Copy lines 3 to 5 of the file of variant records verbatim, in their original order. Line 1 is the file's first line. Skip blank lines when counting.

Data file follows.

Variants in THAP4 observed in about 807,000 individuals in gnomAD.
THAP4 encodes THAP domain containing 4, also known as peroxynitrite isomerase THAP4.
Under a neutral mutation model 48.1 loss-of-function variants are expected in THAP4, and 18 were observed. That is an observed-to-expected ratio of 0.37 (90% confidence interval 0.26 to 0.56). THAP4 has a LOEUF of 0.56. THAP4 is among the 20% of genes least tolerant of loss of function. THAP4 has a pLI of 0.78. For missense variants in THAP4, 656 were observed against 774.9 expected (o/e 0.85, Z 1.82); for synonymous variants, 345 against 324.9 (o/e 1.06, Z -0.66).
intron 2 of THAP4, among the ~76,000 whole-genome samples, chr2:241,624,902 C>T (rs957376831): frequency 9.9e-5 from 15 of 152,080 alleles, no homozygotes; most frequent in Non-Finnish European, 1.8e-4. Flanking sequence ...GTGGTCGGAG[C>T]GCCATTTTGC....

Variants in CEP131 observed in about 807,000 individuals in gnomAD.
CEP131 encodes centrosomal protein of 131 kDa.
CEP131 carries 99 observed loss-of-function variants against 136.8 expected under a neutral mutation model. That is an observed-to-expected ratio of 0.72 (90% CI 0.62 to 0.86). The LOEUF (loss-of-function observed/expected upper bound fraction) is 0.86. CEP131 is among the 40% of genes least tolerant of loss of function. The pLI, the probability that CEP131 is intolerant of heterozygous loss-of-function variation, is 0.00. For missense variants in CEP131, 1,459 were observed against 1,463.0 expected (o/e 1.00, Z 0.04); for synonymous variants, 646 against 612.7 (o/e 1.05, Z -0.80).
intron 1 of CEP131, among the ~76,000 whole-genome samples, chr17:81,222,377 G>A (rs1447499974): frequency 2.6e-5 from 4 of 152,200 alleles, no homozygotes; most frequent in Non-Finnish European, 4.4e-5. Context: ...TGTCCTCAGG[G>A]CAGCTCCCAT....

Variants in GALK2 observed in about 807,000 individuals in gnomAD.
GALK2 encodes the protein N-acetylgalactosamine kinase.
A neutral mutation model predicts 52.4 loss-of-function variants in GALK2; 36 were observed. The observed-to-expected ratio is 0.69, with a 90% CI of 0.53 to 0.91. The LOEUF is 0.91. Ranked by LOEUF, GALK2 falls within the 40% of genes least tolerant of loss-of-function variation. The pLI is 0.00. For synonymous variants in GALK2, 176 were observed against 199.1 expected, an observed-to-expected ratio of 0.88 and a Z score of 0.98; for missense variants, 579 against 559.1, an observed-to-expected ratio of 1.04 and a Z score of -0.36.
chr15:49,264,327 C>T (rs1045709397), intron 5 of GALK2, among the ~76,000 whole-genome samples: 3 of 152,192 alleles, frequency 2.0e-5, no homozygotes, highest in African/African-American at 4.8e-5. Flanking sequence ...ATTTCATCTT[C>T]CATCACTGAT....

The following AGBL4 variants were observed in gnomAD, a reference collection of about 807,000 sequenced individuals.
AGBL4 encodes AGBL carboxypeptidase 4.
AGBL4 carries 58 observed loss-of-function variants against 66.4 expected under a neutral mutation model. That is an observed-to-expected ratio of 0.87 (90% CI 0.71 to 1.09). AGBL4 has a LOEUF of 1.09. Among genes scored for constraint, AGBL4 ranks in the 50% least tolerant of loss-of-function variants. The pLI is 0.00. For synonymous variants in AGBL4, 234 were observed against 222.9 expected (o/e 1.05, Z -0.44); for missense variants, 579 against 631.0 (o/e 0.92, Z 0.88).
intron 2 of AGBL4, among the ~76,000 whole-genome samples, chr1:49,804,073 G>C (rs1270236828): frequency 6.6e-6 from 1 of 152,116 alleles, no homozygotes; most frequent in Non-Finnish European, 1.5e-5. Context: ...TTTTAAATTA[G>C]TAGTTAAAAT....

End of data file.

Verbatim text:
Under a neutral mutation model 48.1 loss-of-function variants are expected in THAP4, and 18 were observed. That is an observed-to-expected ratio of 0.37 (90% confidence interval 0.26 to 0.56). THAP4 has a LOEUF of 0.56. THAP4 is among the 20% of genes least tolerant of loss of function. THAP4 has a pLI of 0.78. For missense variants in THAP4, 656 were observed against 774.9 expected (o/e 0.85, Z 1.82); for synonymous variants, 345 against 324.9 (o/e 1.06, Z -0.66).
intron 2 of THAP4, among the ~76,000 whole-genome samples, chr2:241,624,902 C>T (rs957376831): frequency 9.9e-5 from 15 of 152,080 alleles, no homozygotes; most frequent in Non-Finnish European, 1.8e-4. Flanking sequence ...GTGGTCGGAG[C>T]GCCATTTTGC....

Variants in CEP131 observed in about 807,000 individuals in gnomAD.